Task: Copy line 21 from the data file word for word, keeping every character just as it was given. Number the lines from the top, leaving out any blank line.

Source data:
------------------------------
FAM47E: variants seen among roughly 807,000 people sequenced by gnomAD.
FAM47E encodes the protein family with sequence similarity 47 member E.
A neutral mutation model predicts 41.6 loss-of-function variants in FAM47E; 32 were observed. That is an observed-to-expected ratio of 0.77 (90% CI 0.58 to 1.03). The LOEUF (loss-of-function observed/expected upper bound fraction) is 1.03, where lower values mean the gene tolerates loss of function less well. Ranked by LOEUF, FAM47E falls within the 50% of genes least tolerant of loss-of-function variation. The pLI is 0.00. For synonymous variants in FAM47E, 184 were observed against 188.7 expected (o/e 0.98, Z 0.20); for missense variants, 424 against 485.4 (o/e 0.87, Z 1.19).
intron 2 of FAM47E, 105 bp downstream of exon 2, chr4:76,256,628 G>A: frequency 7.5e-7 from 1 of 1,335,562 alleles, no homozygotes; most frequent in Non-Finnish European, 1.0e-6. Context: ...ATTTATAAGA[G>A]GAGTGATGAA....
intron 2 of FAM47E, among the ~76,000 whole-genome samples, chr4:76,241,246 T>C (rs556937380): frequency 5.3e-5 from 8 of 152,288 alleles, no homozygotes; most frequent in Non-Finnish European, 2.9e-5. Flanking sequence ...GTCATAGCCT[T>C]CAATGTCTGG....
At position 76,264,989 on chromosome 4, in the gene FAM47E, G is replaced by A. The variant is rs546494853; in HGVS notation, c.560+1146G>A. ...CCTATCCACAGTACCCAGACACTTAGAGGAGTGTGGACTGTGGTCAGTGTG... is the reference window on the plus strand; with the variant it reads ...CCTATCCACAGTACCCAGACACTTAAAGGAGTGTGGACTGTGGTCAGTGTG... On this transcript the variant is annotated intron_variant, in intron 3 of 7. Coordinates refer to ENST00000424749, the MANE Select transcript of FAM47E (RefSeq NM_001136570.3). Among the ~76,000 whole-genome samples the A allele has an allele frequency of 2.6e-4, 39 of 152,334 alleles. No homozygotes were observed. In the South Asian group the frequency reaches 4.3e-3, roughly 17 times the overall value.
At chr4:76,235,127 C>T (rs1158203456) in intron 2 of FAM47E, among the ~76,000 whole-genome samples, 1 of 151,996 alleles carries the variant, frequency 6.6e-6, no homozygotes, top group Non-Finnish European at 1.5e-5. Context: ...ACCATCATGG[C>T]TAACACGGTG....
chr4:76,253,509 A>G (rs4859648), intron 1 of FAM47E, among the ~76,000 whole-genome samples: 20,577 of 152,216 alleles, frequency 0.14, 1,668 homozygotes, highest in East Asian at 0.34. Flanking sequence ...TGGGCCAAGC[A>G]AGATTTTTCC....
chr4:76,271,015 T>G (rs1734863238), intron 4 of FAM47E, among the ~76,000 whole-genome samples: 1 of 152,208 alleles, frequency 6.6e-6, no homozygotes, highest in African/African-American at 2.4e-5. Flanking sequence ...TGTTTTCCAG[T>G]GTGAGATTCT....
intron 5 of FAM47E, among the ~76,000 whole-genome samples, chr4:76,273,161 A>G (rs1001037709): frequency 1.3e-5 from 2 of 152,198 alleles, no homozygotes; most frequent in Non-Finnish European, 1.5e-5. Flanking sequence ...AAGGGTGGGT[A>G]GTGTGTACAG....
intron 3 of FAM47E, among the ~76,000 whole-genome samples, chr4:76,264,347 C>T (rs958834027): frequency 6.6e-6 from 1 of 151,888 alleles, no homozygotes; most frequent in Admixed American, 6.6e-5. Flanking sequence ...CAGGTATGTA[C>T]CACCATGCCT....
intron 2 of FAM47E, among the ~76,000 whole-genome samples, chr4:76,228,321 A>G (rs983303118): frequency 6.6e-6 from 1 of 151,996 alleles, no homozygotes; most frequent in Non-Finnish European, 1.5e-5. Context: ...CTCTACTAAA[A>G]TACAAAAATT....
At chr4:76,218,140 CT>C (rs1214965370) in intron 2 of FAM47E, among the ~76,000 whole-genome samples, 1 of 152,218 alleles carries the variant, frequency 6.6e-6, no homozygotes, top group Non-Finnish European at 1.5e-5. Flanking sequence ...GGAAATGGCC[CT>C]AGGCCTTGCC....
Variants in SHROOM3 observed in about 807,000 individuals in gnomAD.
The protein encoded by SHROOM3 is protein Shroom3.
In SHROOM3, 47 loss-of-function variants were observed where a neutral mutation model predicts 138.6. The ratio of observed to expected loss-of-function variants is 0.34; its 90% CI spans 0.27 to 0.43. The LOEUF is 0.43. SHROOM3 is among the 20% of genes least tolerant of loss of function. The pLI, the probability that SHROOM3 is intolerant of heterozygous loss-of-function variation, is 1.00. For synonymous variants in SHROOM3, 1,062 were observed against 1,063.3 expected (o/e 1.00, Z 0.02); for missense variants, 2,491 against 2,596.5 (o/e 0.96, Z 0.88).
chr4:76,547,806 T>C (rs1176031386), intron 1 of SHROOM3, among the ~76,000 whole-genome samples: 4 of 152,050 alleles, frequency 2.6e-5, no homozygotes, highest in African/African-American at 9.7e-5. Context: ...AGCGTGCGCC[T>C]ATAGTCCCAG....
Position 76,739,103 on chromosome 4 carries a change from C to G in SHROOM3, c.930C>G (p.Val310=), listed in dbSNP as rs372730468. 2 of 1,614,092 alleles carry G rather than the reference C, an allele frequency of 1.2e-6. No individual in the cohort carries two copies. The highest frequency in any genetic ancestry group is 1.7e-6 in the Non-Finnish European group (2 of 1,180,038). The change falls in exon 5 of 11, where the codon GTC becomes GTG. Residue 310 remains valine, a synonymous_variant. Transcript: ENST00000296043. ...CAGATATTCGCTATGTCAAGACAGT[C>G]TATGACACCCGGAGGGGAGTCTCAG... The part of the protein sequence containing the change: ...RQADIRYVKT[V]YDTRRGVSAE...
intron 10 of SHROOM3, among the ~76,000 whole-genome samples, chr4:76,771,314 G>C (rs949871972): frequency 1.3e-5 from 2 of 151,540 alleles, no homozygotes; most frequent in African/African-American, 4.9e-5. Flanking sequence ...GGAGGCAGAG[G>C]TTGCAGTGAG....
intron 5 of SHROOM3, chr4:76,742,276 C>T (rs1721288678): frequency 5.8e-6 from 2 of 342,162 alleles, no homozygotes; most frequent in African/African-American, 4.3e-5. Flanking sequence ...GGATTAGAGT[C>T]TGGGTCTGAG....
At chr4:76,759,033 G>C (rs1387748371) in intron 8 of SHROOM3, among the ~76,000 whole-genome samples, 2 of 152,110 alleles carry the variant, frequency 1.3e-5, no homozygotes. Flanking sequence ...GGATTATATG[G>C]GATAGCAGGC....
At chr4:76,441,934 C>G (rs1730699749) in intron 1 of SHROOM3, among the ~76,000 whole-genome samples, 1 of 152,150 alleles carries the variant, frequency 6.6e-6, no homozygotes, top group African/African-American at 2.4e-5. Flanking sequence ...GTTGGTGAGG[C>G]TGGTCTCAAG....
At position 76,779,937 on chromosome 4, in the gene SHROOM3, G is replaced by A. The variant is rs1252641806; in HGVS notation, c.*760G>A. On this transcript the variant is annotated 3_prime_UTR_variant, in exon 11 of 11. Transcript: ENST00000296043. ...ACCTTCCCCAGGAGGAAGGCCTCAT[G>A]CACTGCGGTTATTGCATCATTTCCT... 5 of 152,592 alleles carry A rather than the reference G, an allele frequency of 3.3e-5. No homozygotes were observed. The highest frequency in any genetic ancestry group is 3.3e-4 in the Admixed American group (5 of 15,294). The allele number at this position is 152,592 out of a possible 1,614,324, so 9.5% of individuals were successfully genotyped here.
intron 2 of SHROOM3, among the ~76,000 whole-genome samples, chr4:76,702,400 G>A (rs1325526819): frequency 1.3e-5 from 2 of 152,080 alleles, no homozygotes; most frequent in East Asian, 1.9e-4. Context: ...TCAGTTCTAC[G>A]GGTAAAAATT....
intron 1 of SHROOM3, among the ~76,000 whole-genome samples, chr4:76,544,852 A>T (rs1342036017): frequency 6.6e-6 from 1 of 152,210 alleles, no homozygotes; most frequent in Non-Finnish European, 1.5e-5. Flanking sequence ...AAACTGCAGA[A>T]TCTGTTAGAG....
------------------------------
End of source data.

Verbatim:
At chr4:76,759,033 G>C (rs1387748371) in intron 8 of SHROOM3, among the ~76,000 whole-genome samples, 2 of 152,110 alleles carry the variant, frequency 1.3e-5, no homozygotes. Flanking sequence ...GGATTATATG[G>C]GATAGCAGGC....